News of his fiancee being arrested in January 1976 added to the agony. At the time he was engaged to marry Min Hyang-suk in a few months. Authorities accused her of conspiracy, for failing to inform authorities that Lee was a spy, and judges sentenced her to 3 1/2 years in prison. Her sentence was finalized right after Lee's verdict was confirmed.
"Your father has died! Do you know that?" A relative shouted to him as he was walked to court. His father, Jeong-hak, had passed away at 53 years of age in January 1976 after Lee's arrest.
Four years later Lee's mother Pun-wi died at the age of 56. Lee's older sister visited him in prison to pass on the bad news. "Mom worried about you till her last breath," she said.
Following Lee's internment in the KCIA cell he was transferred to a detention house in Seoul. He was forbidden from receiving anyone or anything from the outside, but after several months, an inmate tossed in a Bible through the observation slot in the door. He hid it under a comforter, then pulled it out and devoured the words while sitting with his back to the door so guards would not notice. He was engrossed in it.
Reading about Jesus redeeming people reminded Lee of what he had wanted to do in South Korea -- to reunify the two Koreas and realize peace. The Bible rekindled his will to survive, though the torture had destroyed his inner self. He was baptized as Catholic after the first court hearing that sentenced him to death.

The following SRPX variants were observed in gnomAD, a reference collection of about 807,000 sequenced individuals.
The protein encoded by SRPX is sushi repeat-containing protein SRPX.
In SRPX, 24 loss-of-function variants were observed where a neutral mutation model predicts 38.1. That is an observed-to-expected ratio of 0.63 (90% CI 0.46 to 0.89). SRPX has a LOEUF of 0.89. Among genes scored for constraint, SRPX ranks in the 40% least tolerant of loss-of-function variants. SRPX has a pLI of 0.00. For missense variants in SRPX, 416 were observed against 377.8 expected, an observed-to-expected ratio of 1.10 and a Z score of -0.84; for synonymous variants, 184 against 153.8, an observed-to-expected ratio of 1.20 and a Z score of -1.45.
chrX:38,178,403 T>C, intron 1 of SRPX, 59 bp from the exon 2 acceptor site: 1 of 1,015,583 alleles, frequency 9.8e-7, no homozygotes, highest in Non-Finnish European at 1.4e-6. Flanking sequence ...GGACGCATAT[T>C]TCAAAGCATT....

On Aug. 15, 1979, Lee's death sentence was commuted to life in prison and he was uncuffed. Some 10 days later, he was reunited briefly with Min in a reception room separated by wire netting. She had just been released after serving out a sentence of 3 1/2 years.
"With all the hardship I've forced on you, you must be bitter toward me," he ventured.
"No, I've never regretted meeting you," she replied. They touched fingers.
As if to tighten her bond with Lee, Min dove into a campaign to free political prisoners. Min's mother and apple farmer Cho Man-jo joined in. She took part in gatherings of the prisoners' families and became a notable figure in bringing together the campaigners of South Korea and Japan. Cho passed away at the age of 84 in 2005.
In 1981, Lee's life sentence was reduced to 20 years.
Then President Chun Doo-hwan, who had seized power after a military coup in 1980, ordered in 1987 a halt to debate on constitutional changes that would have paved the way for direct presidential elections. Protesters demanding democracy hit the streets throughout the country. On June 29, 1987, the leader of the Democratic Justice Party and presidential hopeful Roh Tae-woo announced the "June 29 Declaration," a comprehensive democratization proposal. It had eight points that included constitutional amendment and freedom of the press. This was his attempt to rectify the situation. Roh was elected president the following year and political prisoners began to be released one by one.
With South Korea on track to democracy, Lee's fate at last appeared to be making a turn for the better.
(This is part one of a two-part series. The next part will be published on Dec. 6, 2021. The Japanese original of this article by Expert Writer Tomonari Takao was published on Oct. 23, 2021.)